The story, scripted by von Trotta with Pamela Katz, begins with a grieving family. The husband of Ruth (Jutta Lampe) and father of Hannah (Maria Schrader) has just died, and, in her shock, Ruth begins following Orthodox Jewish customs she previously ignored. Quick flashbacks show us what the new widow never told her children: When she was 8, Ruth (Svea Lohde) was permanently separated from her mother, who was sent to a Nazi concentration camp and never returned. A cousin, however, takes Hannah aside and reveals something of Ruth’s background. Soon, Hannah is on a plane to Berlin, a trip that comes as a relief. Rosenstrasse’s New York–based framing sequence, inhabited primarily by German actresses who converse mostly in their native language, seems slightly off-key—although no more so than American-made Holocaust films in which everyone speaks English.

Posing as a historical researcher, Hannah locates elderly Lena (Doris Schade) and begins a series of interviews with her. As a young woman, Lena (Katja Riemann) was a successful pianist who married dashing German-Jewish violinist Fabian (Martin Feifel) over the objections of her aristocratic father. As the husband of a gentile, Fabian was exempt from deportation, but in 1943, the rules changed. He was arrested, and Lena joined the women who protested on Rosenstrasse outside the makeshift prison where their husbands were held. There Lena met, and temporarily adopted, newly motherless Ruth.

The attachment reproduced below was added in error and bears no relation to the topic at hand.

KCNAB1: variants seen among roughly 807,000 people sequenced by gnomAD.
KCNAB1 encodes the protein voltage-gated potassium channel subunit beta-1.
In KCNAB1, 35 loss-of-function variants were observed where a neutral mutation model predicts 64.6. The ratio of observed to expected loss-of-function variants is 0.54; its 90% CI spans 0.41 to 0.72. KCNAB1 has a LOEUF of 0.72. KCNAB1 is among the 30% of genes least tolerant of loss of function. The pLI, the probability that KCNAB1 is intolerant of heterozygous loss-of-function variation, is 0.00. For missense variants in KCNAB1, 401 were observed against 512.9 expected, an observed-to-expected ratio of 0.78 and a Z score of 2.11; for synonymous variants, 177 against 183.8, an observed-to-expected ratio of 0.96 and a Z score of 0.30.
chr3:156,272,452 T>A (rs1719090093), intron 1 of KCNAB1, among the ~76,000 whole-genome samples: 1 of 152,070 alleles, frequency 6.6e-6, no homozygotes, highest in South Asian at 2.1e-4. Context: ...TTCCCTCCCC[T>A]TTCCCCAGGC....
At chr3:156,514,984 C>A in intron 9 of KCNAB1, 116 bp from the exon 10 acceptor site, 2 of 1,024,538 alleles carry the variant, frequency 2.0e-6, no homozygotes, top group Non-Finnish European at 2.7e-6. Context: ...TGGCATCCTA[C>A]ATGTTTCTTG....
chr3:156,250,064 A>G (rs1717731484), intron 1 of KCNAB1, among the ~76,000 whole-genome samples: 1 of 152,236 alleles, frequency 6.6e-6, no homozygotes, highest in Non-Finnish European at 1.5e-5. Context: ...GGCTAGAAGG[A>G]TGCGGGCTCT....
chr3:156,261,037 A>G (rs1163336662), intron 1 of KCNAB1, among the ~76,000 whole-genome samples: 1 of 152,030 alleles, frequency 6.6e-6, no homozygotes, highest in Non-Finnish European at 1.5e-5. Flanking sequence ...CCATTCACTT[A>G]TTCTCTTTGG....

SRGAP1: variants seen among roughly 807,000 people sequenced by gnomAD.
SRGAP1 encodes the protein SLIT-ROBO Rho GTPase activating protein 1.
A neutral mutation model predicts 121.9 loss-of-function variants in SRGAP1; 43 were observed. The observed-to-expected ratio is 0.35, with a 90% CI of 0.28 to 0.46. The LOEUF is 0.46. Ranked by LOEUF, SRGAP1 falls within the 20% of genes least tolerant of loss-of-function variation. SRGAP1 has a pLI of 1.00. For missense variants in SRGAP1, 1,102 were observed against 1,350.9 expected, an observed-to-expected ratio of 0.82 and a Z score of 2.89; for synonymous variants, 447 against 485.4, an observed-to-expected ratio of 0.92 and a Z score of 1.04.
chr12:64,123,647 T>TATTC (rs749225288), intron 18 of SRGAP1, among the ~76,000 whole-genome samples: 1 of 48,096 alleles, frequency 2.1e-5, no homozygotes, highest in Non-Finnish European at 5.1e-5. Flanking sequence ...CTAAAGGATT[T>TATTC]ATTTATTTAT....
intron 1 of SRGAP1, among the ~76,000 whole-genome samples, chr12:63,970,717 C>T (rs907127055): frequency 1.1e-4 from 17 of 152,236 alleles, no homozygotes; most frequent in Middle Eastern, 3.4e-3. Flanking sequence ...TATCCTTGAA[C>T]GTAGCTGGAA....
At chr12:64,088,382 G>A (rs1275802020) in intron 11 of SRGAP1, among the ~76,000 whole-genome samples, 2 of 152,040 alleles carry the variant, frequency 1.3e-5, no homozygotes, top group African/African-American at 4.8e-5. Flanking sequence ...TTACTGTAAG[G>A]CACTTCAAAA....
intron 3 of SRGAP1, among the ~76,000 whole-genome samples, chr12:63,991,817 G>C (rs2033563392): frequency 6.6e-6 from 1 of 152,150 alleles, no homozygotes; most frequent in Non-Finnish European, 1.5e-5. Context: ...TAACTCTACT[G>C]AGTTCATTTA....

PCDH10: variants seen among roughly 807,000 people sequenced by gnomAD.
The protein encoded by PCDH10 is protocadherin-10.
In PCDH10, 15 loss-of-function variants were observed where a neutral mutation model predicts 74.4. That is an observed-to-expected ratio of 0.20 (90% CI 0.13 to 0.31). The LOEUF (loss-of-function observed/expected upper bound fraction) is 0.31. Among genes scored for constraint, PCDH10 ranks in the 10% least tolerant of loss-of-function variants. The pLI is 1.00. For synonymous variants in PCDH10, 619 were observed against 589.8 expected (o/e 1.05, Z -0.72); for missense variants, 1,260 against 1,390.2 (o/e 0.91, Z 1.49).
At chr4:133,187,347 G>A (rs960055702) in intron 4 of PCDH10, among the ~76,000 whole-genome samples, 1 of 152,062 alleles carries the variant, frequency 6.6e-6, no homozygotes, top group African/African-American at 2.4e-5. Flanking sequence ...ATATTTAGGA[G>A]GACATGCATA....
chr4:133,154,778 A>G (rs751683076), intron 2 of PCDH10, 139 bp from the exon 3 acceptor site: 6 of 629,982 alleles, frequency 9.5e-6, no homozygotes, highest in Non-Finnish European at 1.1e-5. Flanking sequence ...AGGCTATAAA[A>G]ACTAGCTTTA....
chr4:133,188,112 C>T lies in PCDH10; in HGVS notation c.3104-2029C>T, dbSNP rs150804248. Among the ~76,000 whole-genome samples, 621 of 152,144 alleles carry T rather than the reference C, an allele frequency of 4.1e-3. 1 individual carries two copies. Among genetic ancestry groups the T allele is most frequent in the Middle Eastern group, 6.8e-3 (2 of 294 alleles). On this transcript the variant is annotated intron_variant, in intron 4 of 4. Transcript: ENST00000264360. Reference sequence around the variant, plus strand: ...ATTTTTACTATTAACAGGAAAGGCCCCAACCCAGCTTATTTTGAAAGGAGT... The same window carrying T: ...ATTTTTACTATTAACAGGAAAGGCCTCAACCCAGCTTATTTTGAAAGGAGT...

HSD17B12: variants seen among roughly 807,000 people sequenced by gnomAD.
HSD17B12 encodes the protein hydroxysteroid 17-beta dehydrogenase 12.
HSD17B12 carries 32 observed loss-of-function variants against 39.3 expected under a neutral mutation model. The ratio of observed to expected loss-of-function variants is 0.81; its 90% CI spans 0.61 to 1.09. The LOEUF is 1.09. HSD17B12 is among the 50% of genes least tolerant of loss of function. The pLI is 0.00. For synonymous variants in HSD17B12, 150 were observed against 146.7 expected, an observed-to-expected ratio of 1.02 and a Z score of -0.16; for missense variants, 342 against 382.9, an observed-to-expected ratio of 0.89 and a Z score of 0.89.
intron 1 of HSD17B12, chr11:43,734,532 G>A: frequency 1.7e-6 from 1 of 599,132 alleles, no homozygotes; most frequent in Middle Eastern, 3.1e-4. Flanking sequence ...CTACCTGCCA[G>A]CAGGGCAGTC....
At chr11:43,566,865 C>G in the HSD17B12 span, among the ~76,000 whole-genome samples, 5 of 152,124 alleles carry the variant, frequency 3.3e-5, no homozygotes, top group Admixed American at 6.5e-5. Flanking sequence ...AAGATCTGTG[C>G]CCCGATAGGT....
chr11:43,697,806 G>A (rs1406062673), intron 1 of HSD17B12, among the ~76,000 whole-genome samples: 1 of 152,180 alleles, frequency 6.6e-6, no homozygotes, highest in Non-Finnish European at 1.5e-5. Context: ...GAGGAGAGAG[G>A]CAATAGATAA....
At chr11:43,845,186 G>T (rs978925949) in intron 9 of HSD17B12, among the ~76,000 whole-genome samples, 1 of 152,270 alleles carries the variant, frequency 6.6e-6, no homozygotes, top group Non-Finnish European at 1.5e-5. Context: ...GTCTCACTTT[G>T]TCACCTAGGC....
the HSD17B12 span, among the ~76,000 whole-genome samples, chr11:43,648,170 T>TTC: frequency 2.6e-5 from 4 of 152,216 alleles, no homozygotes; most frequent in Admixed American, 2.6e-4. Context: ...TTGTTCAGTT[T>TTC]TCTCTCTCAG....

Von Trotta establishes three individual visual styles for her three plot lines: crisp for the contemporary sequences, soft for the flashbacks, and partially bleached of color for the scenes that transpire on wintry Rosenstrasse itself. Yet it’s the last that seem most real. Largely faithful to actual events, the depiction of the Rosenstrasse protests is stark and stirring. It recounts the sort of peaceful, almost mundane action that would not be expected to sway German officials in 1943, but did. “Give us our husbands back!” is a rallying cry that barely begins to address the horrors of the Nazi regime, but it saved lives at a time when nothing else could deter the ongoing genocide.

That the film’s historical sections work best owes much to Riemann, who persuasively makes the transition from the customary decadent-Berlin sequences to the chilly, foreboding account of the protest. Having played a flamboyant Nazi-era Jewish lesbian in Aimée & Jaguar and a contemporary woman entwined in a Holocaust-rooted conspiracy in The Giraffe, Schrader is not on unfamiliar ground. Yet her character often seems merely petulant, far smaller than the events she seeks to understand.

The relationship between Lena and Hannah is typical of von Trotta’s approach: Although the two women develop a close attachment, they want different things from Lena’s life story, and they can never truly be reconciled. Whereas most of the director’s films achieve parity between individual lives and larger events, however, this one is foremost a historical tale. That reflects, in part, the enormity of the Holocaust, but also a psychological shallowness: In Rosenstrasse, machine guns are more ominous than the human heart, a formulation that’s both understandable and less provocative than the lacerating insights of von Trotta’s best work.CP